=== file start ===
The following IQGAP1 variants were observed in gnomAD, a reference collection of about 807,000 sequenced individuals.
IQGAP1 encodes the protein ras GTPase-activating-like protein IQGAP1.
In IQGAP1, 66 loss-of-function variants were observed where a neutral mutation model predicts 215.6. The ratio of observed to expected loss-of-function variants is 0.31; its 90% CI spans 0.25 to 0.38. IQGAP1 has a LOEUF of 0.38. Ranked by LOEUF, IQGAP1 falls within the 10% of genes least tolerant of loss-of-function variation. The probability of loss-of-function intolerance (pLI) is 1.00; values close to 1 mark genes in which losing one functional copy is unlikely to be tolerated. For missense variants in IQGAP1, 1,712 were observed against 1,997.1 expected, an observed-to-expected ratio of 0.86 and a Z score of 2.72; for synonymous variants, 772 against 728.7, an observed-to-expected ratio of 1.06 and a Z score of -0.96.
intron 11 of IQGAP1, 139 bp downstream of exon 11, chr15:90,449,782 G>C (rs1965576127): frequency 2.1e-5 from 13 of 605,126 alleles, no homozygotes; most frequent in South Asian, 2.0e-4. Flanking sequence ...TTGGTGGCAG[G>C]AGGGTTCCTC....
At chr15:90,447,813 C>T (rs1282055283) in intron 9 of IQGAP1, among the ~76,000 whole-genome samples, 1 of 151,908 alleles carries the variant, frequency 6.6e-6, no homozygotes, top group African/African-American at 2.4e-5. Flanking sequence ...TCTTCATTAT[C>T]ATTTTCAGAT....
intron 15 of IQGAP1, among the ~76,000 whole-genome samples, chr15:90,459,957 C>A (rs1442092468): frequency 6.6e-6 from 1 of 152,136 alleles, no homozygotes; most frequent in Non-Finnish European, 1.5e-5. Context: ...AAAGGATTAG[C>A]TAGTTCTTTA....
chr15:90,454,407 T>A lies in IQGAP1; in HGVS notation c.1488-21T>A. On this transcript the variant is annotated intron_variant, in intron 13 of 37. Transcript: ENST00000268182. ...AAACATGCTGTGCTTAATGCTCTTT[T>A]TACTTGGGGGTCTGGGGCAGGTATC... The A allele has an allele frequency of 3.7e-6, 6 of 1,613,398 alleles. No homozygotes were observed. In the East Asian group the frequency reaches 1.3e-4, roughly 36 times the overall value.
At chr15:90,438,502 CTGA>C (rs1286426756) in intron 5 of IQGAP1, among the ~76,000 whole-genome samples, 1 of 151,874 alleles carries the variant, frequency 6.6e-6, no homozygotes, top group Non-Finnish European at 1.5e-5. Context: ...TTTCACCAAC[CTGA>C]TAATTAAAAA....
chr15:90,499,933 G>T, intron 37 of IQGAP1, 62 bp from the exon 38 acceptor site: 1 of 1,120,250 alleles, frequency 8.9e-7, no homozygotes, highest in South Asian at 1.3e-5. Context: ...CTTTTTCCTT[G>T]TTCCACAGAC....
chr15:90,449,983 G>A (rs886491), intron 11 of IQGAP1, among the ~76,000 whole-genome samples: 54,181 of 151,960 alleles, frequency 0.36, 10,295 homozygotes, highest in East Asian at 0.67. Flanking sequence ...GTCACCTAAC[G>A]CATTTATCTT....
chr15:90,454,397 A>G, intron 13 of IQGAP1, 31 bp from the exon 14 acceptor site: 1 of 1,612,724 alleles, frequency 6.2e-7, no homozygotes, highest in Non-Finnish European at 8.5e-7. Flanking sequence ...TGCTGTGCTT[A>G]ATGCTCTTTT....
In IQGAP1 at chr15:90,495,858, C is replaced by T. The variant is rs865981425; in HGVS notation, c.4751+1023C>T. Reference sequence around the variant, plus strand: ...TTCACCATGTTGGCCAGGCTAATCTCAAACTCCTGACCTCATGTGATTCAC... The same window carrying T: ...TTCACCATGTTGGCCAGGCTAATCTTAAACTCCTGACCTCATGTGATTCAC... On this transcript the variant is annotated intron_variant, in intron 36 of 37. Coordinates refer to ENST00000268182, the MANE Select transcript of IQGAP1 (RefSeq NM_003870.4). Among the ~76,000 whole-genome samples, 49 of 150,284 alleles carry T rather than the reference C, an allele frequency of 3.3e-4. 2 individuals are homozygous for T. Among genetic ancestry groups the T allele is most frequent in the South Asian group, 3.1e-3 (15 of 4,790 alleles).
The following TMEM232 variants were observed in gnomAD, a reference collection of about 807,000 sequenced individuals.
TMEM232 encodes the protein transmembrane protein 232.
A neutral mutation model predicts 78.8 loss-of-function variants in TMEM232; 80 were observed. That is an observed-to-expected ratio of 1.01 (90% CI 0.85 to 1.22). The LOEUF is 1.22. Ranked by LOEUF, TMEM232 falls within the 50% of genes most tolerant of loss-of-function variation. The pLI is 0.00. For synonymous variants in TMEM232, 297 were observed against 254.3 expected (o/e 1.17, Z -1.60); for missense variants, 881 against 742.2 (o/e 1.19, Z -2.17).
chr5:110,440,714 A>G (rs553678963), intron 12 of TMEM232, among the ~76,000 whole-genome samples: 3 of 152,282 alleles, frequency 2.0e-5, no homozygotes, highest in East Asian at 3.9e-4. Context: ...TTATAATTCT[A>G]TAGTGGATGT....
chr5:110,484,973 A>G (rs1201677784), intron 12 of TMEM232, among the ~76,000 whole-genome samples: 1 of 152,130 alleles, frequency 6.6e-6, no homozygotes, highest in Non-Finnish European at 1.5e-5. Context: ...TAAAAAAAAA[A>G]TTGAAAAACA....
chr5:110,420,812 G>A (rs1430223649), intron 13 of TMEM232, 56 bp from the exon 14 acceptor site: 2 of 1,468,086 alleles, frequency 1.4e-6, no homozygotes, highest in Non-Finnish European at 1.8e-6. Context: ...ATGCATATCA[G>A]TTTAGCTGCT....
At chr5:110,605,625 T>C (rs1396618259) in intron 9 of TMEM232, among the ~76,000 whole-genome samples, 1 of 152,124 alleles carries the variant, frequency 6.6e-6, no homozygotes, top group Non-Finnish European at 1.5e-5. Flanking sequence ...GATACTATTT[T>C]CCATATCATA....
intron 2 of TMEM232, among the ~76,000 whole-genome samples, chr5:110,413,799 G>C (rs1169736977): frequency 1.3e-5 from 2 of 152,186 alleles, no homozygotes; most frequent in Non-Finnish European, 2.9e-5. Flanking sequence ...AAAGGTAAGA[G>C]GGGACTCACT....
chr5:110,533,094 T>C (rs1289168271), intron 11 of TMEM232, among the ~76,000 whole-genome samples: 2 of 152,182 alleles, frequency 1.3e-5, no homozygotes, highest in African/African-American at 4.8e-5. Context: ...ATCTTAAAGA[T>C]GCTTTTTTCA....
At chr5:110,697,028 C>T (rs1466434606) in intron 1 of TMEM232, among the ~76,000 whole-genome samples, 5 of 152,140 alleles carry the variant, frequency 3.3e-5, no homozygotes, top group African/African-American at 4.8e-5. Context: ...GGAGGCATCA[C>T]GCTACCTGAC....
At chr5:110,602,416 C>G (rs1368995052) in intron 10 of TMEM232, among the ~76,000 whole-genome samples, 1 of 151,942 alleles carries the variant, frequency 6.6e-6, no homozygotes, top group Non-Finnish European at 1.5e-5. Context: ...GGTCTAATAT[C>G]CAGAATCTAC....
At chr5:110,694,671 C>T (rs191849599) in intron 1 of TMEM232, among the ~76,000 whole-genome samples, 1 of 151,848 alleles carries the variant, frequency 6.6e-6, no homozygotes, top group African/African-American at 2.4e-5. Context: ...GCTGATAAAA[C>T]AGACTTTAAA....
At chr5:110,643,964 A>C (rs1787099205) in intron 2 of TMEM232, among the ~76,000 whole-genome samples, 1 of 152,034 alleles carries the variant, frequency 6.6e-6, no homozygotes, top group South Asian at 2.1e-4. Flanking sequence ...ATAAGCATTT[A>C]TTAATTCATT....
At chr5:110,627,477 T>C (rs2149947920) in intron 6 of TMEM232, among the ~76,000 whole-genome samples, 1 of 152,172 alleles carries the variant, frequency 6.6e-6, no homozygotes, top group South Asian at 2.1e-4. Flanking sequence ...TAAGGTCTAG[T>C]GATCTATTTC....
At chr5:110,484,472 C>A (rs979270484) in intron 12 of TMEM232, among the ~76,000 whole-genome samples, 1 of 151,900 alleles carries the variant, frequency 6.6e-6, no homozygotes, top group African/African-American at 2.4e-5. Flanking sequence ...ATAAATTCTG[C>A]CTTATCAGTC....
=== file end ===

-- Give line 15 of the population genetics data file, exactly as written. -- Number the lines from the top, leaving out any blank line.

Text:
A neutral mutation model predicts 78.8 loss-of-function variants in TMEM232; 80 were observed. That is an observed-to-expected ratio of 1.01 (90% CI 0.85 to 1.22). The LOEUF is 1.22. Ranked by LOEUF, TMEM232 falls within the 50% of genes most tolerant of loss-of-function variation. The pLI is 0.00. For synonymous variants in TMEM232, 297 were observed against 254.3 expected (o/e 1.17, Z -1.60); for missense variants, 881 against 742.2 (o/e 1.19, Z -2.17).